Prostate cancer: What you need to know


In this article: 

  • Over the past few decades, researchers have discovered new approaches to diagnosing and treating prostate cancer that can help patients live better and longer.

  • Many of the new treatments available deliver personalized, targeted therapy that doesn’t harm healthy tissue.

  • Understanding your risk of prostate cancer and managing the factors in your control can help prevent the disease from developing.

Prostate cancer affects close to 300,000 men each year in the United States, with around 1 in 8 men diagnosed during their lifetime. In fact, after skin cancer, it’s the most common cancer affecting men in this country.

Luckily, advances in how doctors diagnose and treat the disease are helping men with prostate cancer live longer and better lives. If you or a loved one have been diagnosed with prostate cancer, or have a family history of the disease and are worried about a future diagnosis, Swedish experts can help.

We talked to James Porter, M.D., medical director for robotic surgery at Swedish Urology First Hill, to learn more about what people should know about prostate cancer and its treatment.

What you should know about prostate cancer

Prostate cancer develops when cells in the prostate gland, which sits just below the bladder and in front of the rectum, begin to grow out of control.

Risk factors for the disease are a combination of things you may be able to control and things you can’t, like your age and family history.

Prostate cancer is rare in men younger than 40, but the risk begins to rise rapidly after age 50. It also seems to run in some families, meaning genetics are a strong driver, Dr. Porter says. A family history of prostate cancer means you have a first-degree relative — a parent, sibling or child — who has been diagnosed with the disease.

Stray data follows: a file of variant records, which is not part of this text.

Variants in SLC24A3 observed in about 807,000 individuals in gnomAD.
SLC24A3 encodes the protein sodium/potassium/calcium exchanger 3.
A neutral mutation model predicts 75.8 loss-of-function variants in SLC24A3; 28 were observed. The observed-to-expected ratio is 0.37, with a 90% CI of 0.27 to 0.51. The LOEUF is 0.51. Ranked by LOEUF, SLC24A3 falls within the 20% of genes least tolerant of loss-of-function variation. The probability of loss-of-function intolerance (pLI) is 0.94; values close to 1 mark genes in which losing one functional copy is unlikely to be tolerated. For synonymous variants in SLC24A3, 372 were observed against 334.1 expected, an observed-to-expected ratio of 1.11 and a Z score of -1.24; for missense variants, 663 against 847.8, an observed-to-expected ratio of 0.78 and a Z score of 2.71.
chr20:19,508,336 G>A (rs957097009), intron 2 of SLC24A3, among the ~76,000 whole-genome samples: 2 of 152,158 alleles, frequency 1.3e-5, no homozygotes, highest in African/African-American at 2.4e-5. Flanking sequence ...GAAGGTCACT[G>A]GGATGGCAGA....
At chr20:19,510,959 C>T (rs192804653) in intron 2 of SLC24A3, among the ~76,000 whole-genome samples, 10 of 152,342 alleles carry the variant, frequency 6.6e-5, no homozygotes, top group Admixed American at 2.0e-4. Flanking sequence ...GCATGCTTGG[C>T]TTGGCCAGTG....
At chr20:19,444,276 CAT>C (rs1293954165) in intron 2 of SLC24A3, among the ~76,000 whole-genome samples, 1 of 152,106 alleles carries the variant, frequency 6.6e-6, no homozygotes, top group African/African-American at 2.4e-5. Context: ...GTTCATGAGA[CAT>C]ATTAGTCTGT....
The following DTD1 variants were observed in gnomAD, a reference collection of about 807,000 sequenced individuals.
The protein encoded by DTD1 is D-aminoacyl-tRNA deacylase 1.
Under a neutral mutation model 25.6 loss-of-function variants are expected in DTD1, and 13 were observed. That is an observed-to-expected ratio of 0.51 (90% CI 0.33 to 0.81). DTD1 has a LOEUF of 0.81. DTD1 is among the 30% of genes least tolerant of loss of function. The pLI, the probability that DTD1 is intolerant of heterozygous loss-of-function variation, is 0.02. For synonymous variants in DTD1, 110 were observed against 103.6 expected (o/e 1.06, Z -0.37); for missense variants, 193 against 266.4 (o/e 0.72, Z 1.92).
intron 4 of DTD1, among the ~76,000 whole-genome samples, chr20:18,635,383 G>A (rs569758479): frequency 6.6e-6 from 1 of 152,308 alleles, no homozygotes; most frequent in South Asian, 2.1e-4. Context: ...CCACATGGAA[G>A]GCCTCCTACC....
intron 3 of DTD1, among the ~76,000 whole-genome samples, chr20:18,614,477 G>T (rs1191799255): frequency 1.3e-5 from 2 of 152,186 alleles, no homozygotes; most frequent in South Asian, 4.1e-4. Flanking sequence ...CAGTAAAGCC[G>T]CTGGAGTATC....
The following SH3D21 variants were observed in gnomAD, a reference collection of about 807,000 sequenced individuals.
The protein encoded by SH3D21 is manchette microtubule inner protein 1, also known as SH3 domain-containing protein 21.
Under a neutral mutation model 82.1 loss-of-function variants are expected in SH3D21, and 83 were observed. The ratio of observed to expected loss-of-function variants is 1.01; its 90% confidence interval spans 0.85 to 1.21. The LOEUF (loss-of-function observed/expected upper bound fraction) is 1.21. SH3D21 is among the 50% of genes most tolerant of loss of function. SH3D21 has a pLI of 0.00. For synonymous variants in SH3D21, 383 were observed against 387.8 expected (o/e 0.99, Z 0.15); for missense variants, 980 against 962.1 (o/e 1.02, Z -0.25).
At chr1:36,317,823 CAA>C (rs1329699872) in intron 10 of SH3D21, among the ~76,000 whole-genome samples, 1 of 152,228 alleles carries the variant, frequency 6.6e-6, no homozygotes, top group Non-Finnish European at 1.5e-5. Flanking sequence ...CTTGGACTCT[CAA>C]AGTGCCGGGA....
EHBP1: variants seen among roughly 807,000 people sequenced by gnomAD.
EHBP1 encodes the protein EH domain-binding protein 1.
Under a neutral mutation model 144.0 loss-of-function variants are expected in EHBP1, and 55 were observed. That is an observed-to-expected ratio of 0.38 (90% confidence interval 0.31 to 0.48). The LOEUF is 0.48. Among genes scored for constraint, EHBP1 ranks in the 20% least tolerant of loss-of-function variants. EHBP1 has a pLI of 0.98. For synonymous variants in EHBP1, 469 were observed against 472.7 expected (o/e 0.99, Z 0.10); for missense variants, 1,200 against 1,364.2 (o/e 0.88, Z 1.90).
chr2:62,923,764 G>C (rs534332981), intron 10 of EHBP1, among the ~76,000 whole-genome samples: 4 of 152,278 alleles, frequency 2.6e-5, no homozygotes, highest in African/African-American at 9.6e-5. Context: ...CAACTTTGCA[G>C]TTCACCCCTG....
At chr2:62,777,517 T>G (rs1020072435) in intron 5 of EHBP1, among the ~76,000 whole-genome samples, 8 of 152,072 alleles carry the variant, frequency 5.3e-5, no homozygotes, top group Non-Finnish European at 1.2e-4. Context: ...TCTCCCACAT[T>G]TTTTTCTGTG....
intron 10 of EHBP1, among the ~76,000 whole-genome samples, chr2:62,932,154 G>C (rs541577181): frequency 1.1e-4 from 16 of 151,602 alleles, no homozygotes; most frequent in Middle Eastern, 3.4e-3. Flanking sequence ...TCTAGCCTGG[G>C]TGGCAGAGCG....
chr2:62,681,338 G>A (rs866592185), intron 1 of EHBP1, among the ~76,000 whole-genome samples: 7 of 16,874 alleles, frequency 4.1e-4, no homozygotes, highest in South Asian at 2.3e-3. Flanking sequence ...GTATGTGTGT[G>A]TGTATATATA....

Prostate cancer is also linked to certain gene changes, including inherited mutations of the BRCA 1 and BRCA2 genes, which are associated with an increased risk of breast, ovarian and pancreatic cancers, too.

If you or a loved one has a family history of prostate cancer, or of a cancer linked to a BRCA gene mutation, a genetic counselor can help determine whether genetic testing could give you a more accurate understanding of your risk for developing the disease.

Also, although the U.S. Preventive Services Task Force (USPSTF) recommends men talk to their doctor about starting prostate cancer screenings at age 55 — and continuing with them regularly until they’re 69. Dr. Porter advises men with a family history of prostate cancer to talk to their doctor about starting screenings before age 55, and potentially as early as their 40s.  Screenings can help catch prostate cancer early, when it’s smaller and easier to treat.

The tests involve a simple blood test to measure the level of prostate-specific antigen, or PSA, in the blood. PSA is a protein produced by cells in the prostate gland.

Although PSA levels are often higher in people with prostate cancer, Dr. Porter stresses that the rate of rise is more important than the level itself. “It’s important to get a baseline number then retest annually or every two years,” he says. “We advise further evaluation when that level is going up steadily. That’s concerning.”

While you can’t take preventive steps to change things like your age or family history you may be able to lower your risk of developing the disease in other ways. For example, men who eat diets high in animal protein have an increased risk for prostate cancer, Dr. Porter says, adding, “Improving your diet, especially if you’ve been diagnosed with prostate cancer, can help lead to better outcomes.”